While the economy is strong overall, Americans are becoming more conscious about how they spend, and that discretion shaped the shopping season.

Some retailers had expressed concerns In recent months, buyers seemed gloomy and fearful about the economy. Walmart and Target noted that shoppers appeared to be waiting for deals before purchasing, a change from recent years when they spent more freely.

“The caution that they have taken about their spending and where they are spending has been really noticeable in the second half of the year, where many customers have been affected, especially low- and middle-income people,” said Jessica Ramirez, retail research analyst at Jane Hali & Associates.

In a return to some of the trends that were prevalent before the pandemic, many retailers and brands offered promotions. Discounts ranged from 30 to 50 percent, Ramírez said. But the discounts were more targeted this year than last because fewer companies were saddled with excess inventory.

Categories that have faced a drop in sales this year, such as electronics, home furnishings and toys, saw some of the biggest discounts before Christmas. Those products had enjoyed a boom in sales during the pandemic.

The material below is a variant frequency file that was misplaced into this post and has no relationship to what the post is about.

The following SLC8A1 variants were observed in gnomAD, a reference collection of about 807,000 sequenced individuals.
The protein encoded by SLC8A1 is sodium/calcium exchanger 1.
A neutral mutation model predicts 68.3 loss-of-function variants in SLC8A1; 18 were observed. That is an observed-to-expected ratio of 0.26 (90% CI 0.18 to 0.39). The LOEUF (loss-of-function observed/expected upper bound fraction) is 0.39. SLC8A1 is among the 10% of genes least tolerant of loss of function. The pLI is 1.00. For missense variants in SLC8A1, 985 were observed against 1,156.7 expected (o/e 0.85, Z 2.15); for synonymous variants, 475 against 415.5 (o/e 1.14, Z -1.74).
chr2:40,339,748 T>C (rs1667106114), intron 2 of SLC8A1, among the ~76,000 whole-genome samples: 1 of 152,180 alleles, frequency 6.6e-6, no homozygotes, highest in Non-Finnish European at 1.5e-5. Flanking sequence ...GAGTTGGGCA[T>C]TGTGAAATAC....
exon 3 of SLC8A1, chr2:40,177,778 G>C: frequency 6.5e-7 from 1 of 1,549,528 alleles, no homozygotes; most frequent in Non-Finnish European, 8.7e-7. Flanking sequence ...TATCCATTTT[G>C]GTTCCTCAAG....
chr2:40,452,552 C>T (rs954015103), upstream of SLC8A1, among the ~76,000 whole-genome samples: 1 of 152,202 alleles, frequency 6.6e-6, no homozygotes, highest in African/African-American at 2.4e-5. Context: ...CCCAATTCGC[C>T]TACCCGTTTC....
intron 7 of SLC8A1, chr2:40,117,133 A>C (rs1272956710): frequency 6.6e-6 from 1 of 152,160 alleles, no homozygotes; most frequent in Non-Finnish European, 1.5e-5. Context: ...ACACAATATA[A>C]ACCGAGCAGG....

Alexan Weir, a 30-year-old mother from Orlando, Florida, said she was pleased to find deals on toys when shopping for Christmas gifts for her daughters this month. Among the items she purchased at Target were the Asha doll, based on the main character from the Disney movie “Wish”; an Elsa doll from “Frozen”; and a Minnie Mouse kitchen set. With discounts, the items together cost about half their full list price of $200.

“As a parent, all you're trying to do is make your kids happy. You’re not trying to go broke,” Ms Weir said. “I spent a little more this year, but at least with the few sales I received, I can say I wasn't heartbroken by what I was spending.”

Barbie, whose breakout year was boosted by the hit movie, sold particularly well in a year when there was no hit toy. The doll and her many accessories have sold well at Mary Arnold Toys, a family-owned store on Manhattan's Upper East Side. And overall sales at the store have been steady, said Ezra Ishayik, who has run the store for 40 years.